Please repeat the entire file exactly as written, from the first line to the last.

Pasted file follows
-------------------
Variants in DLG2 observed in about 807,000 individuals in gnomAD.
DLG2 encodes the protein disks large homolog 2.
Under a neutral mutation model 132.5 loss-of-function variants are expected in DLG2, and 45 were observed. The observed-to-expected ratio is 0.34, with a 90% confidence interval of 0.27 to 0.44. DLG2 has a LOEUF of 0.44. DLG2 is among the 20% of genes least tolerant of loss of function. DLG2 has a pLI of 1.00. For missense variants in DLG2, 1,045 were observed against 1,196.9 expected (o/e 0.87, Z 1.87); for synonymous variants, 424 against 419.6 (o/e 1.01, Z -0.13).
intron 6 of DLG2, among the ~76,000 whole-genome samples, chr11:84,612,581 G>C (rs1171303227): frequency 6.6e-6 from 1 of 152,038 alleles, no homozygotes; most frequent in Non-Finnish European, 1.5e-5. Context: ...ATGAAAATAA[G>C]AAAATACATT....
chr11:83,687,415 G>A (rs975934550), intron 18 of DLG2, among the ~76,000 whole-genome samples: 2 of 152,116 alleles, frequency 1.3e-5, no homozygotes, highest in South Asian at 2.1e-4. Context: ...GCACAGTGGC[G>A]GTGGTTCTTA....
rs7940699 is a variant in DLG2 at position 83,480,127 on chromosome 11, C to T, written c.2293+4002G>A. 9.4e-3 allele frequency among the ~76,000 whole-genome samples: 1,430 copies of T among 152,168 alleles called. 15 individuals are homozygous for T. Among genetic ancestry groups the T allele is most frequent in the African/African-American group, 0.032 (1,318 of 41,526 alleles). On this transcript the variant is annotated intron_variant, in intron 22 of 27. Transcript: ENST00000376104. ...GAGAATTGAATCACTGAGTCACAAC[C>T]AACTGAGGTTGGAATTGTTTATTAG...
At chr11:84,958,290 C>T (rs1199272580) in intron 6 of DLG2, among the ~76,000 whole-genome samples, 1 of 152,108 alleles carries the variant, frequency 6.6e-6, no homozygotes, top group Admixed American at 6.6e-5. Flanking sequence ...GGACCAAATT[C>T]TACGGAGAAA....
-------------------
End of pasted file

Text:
Variants in DLG2 observed in about 807,000 individuals in gnomAD.
DLG2 encodes the protein disks large homolog 2.
Under a neutral mutation model 132.5 loss-of-function variants are expected in DLG2, and 45 were observed. The observed-to-expected ratio is 0.34, with a 90% confidence interval of 0.27 to 0.44. DLG2 has a LOEUF of 0.44. DLG2 is among the 20% of genes least tolerant of loss of function. DLG2 has a pLI of 1.00. For missense variants in DLG2, 1,045 were observed against 1,196.9 expected (o/e 0.87, Z 1.87); for synonymous variants, 424 against 419.6 (o/e 1.01, Z -0.13).
intron 6 of DLG2, among the ~76,000 whole-genome samples, chr11:84,612,581 G>C (rs1171303227): frequency 6.6e-6 from 1 of 152,038 alleles, no homozygotes; most frequent in Non-Finnish European, 1.5e-5. Context: ...ATGAAAATAA[G>C]AAAATACATT....
chr11:83,687,415 G>A (rs975934550), intron 18 of DLG2, among the ~76,000 whole-genome samples: 2 of 152,116 alleles, frequency 1.3e-5, no homozygotes, highest in South Asian at 2.1e-4. Context: ...GCACAGTGGC[G>A]GTGGTTCTTA....
rs7940699 is a variant in DLG2 at position 83,480,127 on chromosome 11, C to T, written c.2293+4002G>A. 9.4e-3 allele frequency among the ~76,000 whole-genome samples: 1,430 copies of T among 152,168 alleles called. 15 individuals are homozygous for T. Among genetic ancestry groups the T allele is most frequent in the African/African-American group, 0.032 (1,318 of 41,526 alleles). On this transcript the variant is annotated intron_variant, in intron 22 of 27. Transcript: ENST00000376104. ...GAGAATTGAATCACTGAGTCACAAC[C>T]AACTGAGGTTGGAATTGTTTATTAG...
At chr11:84,958,290 C>T (rs1199272580) in intron 6 of DLG2, among the ~76,000 whole-genome samples, 1 of 152,108 alleles carries the variant, frequency 6.6e-6, no homozygotes, top group Admixed American at 6.6e-5. Flanking sequence ...GGACCAAATT[C>T]TACGGAGAAA....